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The first decade in Which? Conversation

(Nearly) 10 years on, we look back at the decade that launched more than 5,000 conversations.

It all started with a question about whether you’re being conned over your broadband speed.

Since April 2010 and some 5,359 conversations, 287,000+ comments and a substantial redesign later, Which? Conversation is still where people are coming to find answers and question the issues that matter to them.

Here are a few highlights from the first decade:

Dealing with scams and nuisance calls

Top of the tables as the most viewed and most commented-on topic was 2013’s ‘Have you been called by a ‘BT Technical Support’ phone scam?

It’s been viewed more than 220,000 times and gathered 3,091 comments. Even six years on, people continue to report receiving this scam phone call as many as 40 times in the month.

We’re continuing to warn people about this dangerous scam, as well as make BT aware when new or similar fraud pops up in its name.

The response to this and other scam calls was tremendous, with more than half a million people signing our petition to end nuisance calls and texts.

We also launched our Nuisance Calls and Texts reporting tool, which flags the calls you receive directly to the regulator.

Helping others

The experiences you share here often form the basis of campaigning actions Which? takes on behalf of consumers, including:

Campaigns, such as 2017’s Care Needs Care campaign in which hundreds of people shared their story of how difficult finding later-life care can be;

Investigations, including Which?’s investigation into homeopathic medicine back in 2013

Super complaints, such as 2015’s action on dodgy supermarket pricing

Your story

These conversations start with you, and we continue in our aim of welcoming all and highlighting everyday challenges alongside those of guests with specific areas of expertise.

Be it starting the conversation on sustainability, outlining your beliefs on the future of money, sharing your experience of owning an electric vehicle, fighting your parking ticket in court, or even profiting off of spam calls.

All of these experiences help us to identify areas of consumer harm and and try to create the change you want to see.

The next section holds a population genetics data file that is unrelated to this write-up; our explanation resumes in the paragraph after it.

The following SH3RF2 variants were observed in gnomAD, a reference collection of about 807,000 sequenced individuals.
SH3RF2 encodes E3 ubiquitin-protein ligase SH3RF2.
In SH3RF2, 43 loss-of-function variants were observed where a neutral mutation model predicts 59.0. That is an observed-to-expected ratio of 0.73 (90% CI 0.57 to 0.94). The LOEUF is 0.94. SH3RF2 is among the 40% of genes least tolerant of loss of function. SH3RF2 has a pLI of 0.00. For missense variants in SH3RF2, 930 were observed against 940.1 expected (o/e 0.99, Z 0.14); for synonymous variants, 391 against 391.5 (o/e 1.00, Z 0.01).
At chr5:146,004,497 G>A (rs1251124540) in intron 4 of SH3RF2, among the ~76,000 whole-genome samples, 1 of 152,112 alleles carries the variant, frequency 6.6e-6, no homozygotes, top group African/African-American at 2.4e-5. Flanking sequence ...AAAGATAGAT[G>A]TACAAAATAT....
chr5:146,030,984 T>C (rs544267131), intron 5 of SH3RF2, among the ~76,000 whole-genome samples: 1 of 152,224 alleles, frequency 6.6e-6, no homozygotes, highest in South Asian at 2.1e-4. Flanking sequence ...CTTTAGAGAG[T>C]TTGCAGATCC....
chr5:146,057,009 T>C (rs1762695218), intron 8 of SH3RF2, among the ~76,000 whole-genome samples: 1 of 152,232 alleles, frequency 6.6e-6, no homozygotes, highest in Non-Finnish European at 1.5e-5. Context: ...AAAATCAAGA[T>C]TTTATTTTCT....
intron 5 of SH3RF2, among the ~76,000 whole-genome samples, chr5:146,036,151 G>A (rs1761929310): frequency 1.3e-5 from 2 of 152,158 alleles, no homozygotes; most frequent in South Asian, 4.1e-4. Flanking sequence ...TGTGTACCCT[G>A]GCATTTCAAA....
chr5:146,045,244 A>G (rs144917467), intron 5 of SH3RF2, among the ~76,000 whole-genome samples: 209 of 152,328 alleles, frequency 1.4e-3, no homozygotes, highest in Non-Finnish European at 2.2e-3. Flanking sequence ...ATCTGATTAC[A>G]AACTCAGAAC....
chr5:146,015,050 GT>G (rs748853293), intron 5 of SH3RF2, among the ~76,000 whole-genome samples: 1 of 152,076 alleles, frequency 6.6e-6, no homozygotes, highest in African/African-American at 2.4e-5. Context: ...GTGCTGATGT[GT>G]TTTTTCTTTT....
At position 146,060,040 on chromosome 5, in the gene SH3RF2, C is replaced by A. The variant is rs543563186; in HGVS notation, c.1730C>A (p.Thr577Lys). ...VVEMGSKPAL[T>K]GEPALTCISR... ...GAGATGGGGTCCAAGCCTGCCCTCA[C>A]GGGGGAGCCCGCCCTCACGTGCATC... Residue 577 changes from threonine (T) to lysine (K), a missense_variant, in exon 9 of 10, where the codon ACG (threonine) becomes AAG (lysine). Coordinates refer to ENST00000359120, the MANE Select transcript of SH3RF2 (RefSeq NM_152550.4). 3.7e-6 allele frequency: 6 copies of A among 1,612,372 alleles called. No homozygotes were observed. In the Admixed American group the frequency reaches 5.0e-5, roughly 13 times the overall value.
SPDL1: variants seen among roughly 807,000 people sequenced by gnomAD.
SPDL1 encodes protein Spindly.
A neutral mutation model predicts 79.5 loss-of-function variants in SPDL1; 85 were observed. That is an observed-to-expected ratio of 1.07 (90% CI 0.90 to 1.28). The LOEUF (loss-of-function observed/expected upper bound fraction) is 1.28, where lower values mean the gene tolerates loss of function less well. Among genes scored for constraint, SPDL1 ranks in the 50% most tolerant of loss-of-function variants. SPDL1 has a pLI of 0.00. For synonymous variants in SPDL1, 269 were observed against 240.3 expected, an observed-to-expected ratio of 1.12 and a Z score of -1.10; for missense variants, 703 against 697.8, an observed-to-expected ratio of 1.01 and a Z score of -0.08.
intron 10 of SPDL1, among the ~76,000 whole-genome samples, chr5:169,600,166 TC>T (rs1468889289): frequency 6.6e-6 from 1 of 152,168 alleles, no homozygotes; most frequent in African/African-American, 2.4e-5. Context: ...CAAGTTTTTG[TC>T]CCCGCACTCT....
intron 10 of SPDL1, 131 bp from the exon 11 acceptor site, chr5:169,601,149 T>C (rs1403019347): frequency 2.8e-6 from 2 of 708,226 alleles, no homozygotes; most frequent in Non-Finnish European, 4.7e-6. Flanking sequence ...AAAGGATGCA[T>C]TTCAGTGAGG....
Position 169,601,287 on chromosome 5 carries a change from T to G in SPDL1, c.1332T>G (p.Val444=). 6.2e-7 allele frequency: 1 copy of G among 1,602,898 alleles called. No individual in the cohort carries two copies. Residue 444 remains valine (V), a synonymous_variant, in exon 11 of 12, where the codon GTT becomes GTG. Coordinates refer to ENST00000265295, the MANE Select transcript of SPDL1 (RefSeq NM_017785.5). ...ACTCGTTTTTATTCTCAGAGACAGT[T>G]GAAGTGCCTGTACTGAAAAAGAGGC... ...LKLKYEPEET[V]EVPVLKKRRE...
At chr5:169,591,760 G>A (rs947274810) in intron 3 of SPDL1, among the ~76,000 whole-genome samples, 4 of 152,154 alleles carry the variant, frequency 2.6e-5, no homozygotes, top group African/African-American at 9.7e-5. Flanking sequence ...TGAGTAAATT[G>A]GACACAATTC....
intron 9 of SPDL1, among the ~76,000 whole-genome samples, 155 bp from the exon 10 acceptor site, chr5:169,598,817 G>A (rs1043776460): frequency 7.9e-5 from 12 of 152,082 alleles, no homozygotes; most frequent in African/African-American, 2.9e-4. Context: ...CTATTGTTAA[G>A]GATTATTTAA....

Here’s to the next decade!

Thank you to everyone who’s joined in on Which? Conversation over the last ten years.

Whether it’s a background browse or a daily essential, we’re grateful to have the pleasure of your company over this past decade. Here’s to many more!

A lot’s happened in the decade and we’d love to hear what stood out for you.

In the mean time, stay well, have a very happy start to the new year, and we’ll speak more in 2020!

Comments

JS-C said Top of the tables as the most viewed and most commented-on topic was 2013’s ‘Have you been called by a ‘BT Technical Support’ phone scam?‘ It’s been viewed more than 220,000 times and gathered 3,091 comments…

I thought the original Lobby garnered far more than that? What are the figures for the original and extension Lobbies?

From the Extension lobby’s preamble:

the original Lobby was so popular (with almost 13,000 comments), it was becoming hard to load the page.

There’s a serious point, here; the original Lobby was created to act as a place where everyone could (virtually) meet and discuss almost anything. But it also became a place to which off-topic conversations elsewhere could be re-routed, and, even more importantly, became fertile ground for proposals and ideas, many of which evolved into topics of their own.

It seems a shame that this wasn’t included in the header information for this topic.

Lobby Mark 2 has >10k comments (even taking yours out, Ian, it exceeds 3,091 😉 )

🙂

I thought it might.

I wondered when we would celebrate the tenth birthday of Which? Convo. Maybe we can spread this over 2020.